PUB­LISHER’S LET­TER

WHAT HAP­PENED TO SPON­TANE­ITY?

RSWLiving - - Contents -

When was the last time you were spon­ta­neous? The last time you lis­tened to your in­ner soul, an in­ner impulse? The last time you were happy and ex­cited about some­thing? The last time you said, “oh yeah,” and cut loose, having an im­promptu good time with friends, fam­ily or even strangers?

Spon­tane­ity calls for de­vi­at­ing from your set-in-stone daily rou­tine and try­ing some­thing new. It can be sur­pris­ingly fun—and healthy for the soul.

Too often we let a heavy work­load or cer­tain fam­ily du­ties hold us back. But if we are hon­est with our­selves and stop mak­ing ex­cuses, I be­lieve we can find our spon­ta­neous spirit again.

For sure, your fam­ily will love it, es­pe­cially if you are tak­ing them on an ad­ven­ture, whether it’s a shop­ping ex­cur­sion or a spur-of-the-moment boat ride. How­ever, be pre­pared, as you may en­counter re­sis­tance from someone whose habit it is to plan ahead rather than act im­pul­sively. I be­lieve if you choose the right ac­tiv­ity, you’ll find that peo­ple can be per­suaded to join you.

No doubt, nowa­days it can be a chal­lenge, es­pe­cially with our younger gen­er­a­tion. A good ex­am­ple is the shop­ping ex­cur­sion. Rather than hit the stores, to see, touch, try on or try out the mer­chan­dise, younger shop­pers are more likely to just go on­line via one of their tech tools and or­der what they want. And some­times with­out even ask­ing them­selves, “do I really have to have it?” Af­ter all, they can re­turn it if it does not ful­fill their ex­pec­ta­tions.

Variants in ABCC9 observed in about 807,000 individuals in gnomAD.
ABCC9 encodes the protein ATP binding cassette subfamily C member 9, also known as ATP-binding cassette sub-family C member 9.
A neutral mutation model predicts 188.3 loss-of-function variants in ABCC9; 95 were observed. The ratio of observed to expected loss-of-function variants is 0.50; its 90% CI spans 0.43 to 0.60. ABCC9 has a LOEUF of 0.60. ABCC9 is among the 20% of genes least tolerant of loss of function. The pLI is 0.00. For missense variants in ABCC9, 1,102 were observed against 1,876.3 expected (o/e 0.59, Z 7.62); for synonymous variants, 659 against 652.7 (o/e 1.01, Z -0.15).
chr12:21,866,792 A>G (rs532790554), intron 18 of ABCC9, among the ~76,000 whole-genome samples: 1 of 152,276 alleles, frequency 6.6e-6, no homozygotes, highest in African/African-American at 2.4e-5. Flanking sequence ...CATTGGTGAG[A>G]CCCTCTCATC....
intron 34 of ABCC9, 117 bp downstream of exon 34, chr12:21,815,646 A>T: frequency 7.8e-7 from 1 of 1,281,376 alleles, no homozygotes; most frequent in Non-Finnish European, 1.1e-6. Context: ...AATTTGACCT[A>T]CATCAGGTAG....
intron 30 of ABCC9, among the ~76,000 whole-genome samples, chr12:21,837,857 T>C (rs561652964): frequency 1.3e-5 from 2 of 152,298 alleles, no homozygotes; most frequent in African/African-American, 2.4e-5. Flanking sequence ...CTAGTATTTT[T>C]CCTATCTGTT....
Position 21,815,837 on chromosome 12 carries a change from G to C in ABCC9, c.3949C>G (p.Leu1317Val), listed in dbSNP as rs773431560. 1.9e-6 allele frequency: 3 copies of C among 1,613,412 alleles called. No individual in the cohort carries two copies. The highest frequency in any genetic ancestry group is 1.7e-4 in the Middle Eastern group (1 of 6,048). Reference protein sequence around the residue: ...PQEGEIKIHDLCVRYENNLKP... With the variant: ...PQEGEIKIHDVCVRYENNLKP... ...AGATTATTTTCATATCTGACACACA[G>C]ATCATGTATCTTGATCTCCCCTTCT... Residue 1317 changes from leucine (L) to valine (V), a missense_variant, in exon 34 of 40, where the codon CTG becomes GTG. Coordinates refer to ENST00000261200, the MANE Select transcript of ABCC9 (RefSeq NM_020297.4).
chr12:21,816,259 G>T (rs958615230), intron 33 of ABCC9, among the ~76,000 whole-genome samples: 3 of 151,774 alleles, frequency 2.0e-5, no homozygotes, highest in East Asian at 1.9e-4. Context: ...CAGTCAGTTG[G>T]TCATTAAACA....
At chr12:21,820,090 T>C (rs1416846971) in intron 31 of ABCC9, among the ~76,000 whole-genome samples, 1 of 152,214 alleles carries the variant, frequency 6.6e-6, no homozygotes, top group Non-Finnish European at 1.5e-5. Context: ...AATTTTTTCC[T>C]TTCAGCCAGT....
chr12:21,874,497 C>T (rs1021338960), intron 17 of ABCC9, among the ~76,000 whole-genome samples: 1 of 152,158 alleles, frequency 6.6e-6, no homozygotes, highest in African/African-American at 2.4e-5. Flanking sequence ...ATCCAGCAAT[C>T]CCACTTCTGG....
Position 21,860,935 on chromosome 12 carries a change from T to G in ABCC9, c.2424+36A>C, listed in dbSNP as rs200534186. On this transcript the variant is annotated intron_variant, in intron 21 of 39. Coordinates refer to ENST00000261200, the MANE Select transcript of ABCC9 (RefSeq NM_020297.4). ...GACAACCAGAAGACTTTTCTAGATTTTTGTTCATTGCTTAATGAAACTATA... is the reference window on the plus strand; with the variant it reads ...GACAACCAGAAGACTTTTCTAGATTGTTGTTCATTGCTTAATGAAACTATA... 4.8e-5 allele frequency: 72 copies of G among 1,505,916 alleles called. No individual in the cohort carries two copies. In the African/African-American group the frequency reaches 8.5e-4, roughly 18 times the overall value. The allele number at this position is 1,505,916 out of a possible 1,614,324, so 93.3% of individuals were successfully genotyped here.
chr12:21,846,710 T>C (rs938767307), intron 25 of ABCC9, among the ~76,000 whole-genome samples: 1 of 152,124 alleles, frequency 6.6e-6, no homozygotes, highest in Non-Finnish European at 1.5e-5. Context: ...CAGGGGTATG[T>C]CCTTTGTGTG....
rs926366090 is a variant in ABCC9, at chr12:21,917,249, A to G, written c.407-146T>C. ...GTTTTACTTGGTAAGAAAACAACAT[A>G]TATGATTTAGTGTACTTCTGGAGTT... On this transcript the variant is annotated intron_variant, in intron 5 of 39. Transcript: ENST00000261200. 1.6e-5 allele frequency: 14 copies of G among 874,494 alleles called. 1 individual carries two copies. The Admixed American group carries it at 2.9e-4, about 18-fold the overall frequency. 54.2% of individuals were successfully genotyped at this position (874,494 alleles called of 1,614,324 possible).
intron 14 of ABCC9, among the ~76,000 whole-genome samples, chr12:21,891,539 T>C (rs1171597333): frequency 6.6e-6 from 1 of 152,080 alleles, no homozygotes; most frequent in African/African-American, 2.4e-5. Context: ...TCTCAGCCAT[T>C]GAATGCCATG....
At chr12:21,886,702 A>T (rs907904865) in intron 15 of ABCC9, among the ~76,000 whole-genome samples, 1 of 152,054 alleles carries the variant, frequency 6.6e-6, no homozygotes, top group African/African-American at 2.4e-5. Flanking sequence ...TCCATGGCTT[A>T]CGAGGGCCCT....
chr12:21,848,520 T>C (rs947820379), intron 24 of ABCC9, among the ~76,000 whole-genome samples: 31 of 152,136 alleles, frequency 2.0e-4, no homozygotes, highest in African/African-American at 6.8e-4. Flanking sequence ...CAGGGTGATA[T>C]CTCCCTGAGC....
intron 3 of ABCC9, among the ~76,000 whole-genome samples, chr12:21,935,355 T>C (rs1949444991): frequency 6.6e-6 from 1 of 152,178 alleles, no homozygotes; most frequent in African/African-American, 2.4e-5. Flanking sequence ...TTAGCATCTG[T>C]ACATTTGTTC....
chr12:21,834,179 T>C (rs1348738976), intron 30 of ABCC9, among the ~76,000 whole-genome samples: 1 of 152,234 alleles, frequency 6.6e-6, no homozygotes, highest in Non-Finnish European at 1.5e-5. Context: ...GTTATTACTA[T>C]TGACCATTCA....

Yet, when you think about it, ques­tions arise: Where is the re­spect to­ward these busi­nesses that have sent you the prod­uct, and where is the real in­ter­ac­tion with an ex­pert who would guide you to find the right item? When you just hit a sub­mit but­ton, you’re not even re­ceiv­ing com­pli­ments from a sales­per­son as to how good you look in the new out­fit or an ex­pla­na­tion of how the item func­tions to help make your life eas­ier.

We all know it’s al­most ef­fort­less to shop on­line—you can even or­der food from su­per­mar­kets and restau­rants—but as long as we are mobile and in good health, we really should get out and do things. In the world we live in, we run the risk of even­tu­ally los­ing our hu­man con­nec­tion with oth­ers, our so­cial abil­ity to in­ter­act, and our spon­tane­ity.

An­other sce­nario is the use of Wi-Fi when on va­ca­tion. How often do you spend hours search­ing for a sig­nal so you can fi­nally post a photo or com­ment? This is valu­able time lost, which could have been bet­ter spent do­ing some­thing spon­ta­neous with your trav­el­ing com­pan­ions, learn­ing about your sur­round­ings, or just having fun in­ter­act­ing with oth­ers in­stead of star­ing at a hand­held de­vice.

Life is too short for dull mo­ments. If we just share our thoughts and try to be spon­ta­neous, ev­ery day could be filled with so much more ex­cite­ment.

Daniela J. Jaeger Group Daniela Pub­lisher, J. Jaeger TOTI Me­dia

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